I’ve ruminated on Justification in two previous posts: here and here.

I took the scenic route in the last post, veering away from the topic of justification, going through my own development and growth.  I looked especially at eschatology: the study of the last things.  I discussed the now/not-yet tension we live in, and how understanding this has been tremendously helpful as I try to make sense of the New Testament.  Now, I’ll try to apply this to justification, mostly rehashing what Wright says in his book.

Justification has usually been understood in Protestantism as more or less synonymous with salvation.  It’s something which takes place when you place your faith in Christ’s death and resurrection.  At this time, God declares us innocent from the charges of sin which have been made against us on the basis of Christ’s sacrifice for us.  I’m not familiar with any “not-yet”  aspect of justification in traditional Protestant thought.

What Wright argues is that justification has two parts: one part happens in the present, more or less as I’ve described in the last paragraph.  (He takes issue with some of the specifics, mainly the Reformed notion of “imputation,” but leaves most of it intact)  However, this is not the complete picture.  Paul also speaks of a final justification in Romans 2, where those “by persistence in doing good seek glory, honor and immortality, he [God] will give eternal life” This “not-yet” justification will take place on the last day, and looks quite a bit like justification according to works.  How does this fit in with the justification by faith Paul discusses later in Romans?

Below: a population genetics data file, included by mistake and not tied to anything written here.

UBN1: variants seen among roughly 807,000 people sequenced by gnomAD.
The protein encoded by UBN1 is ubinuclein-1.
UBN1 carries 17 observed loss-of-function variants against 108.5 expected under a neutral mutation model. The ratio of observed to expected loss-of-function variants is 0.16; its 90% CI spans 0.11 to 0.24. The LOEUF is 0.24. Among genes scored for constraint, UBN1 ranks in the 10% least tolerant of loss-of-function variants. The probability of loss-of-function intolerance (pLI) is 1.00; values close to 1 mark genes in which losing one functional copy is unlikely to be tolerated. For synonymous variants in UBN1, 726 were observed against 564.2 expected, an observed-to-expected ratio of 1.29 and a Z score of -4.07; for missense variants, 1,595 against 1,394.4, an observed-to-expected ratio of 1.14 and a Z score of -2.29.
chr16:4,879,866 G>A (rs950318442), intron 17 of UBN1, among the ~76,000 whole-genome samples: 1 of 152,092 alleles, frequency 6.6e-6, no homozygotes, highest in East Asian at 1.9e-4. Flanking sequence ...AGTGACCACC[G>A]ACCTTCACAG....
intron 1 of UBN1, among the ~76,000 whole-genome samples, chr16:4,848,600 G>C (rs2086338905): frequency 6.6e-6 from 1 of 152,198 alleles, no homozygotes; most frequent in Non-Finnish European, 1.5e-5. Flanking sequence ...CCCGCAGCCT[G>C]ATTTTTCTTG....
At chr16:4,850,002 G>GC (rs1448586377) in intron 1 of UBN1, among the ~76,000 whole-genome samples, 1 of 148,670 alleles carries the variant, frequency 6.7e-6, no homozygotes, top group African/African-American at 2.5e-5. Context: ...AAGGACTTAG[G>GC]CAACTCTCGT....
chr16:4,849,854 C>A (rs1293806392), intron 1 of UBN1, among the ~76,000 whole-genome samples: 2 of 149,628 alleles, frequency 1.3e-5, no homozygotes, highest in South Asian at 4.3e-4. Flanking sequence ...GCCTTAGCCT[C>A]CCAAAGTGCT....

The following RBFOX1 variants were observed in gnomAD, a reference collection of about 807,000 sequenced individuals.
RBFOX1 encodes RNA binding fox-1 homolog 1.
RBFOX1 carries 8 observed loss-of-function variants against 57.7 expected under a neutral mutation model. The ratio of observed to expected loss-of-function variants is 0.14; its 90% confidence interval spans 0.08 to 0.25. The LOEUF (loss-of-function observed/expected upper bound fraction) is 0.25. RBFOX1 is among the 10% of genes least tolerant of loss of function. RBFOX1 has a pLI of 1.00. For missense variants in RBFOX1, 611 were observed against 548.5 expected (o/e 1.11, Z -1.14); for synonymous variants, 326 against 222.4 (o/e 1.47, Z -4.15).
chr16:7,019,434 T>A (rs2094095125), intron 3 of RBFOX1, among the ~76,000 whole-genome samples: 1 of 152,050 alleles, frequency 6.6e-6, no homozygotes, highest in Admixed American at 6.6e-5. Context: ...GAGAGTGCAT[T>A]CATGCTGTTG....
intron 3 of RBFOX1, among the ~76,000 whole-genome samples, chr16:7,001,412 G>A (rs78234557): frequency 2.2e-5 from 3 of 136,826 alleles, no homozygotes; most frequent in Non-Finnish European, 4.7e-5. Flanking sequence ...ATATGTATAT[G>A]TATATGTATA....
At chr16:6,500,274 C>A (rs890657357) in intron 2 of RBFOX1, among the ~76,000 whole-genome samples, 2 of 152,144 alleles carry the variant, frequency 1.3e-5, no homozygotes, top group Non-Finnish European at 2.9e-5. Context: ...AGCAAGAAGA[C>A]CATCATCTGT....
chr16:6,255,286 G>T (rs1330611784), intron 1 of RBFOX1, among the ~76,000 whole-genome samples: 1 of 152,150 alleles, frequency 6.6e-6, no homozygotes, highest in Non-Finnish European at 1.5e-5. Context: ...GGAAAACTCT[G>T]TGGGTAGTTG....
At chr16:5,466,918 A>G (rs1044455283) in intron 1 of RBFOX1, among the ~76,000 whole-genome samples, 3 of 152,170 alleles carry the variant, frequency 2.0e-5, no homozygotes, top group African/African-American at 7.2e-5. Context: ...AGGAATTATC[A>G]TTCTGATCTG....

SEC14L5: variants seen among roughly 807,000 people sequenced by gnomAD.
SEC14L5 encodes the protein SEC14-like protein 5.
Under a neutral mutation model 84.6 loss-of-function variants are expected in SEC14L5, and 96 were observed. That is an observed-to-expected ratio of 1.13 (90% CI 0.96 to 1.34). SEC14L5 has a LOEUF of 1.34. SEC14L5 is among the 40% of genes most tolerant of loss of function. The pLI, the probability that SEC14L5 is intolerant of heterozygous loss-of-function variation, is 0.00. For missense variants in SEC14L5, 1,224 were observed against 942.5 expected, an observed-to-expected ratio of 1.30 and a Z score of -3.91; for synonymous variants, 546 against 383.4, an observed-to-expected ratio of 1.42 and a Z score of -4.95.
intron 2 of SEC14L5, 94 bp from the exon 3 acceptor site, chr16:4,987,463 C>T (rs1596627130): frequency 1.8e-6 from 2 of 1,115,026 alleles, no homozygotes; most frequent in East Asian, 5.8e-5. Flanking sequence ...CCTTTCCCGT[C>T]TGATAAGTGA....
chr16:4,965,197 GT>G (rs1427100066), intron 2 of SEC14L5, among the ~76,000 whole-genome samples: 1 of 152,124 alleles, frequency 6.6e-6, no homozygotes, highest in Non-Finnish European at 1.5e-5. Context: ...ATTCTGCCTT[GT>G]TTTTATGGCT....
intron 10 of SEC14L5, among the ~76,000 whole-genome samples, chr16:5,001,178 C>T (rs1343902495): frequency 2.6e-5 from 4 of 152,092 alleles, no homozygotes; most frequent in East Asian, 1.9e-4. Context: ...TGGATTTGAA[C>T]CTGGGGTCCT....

As mentioned previously, justification occurs in two parts.  The first justification is by faith; this takes place in the present.  This justification takes place when we trust in Christ for our ultimate vindication.  When this happens, the Holy Spirit comes into our lives and empowers us to live lives in anticipation of the last day.  He empowers us to persist in doing good, to seek glory, honor, and immortality, and to not do the evil things which incur judgment.  Our justification by faith in the present anticipates the judgment on the final day; it is the “assurance of things hoped for, and the evidence of things not seen” as the letter to the Hebrews states.

I haven’t worked out the details.  I’m not sure how the Holy Spirit’s work within us interacts with the work of Jesus on the cross (I’m thinking the latter enables the former). I’m not sure how this outline of justification affects the perseverance of the saints (can we, or can we not lose our salvation?).  I do, however, think that Wright offers a compelling view of justification.  It’s deeply rooted in scripture, and has helped me make much more sense of both my experience and the scriptures.  If you’re still curious, there’s plenty on his website to read, or you can just read the book.  It’s quite good :-)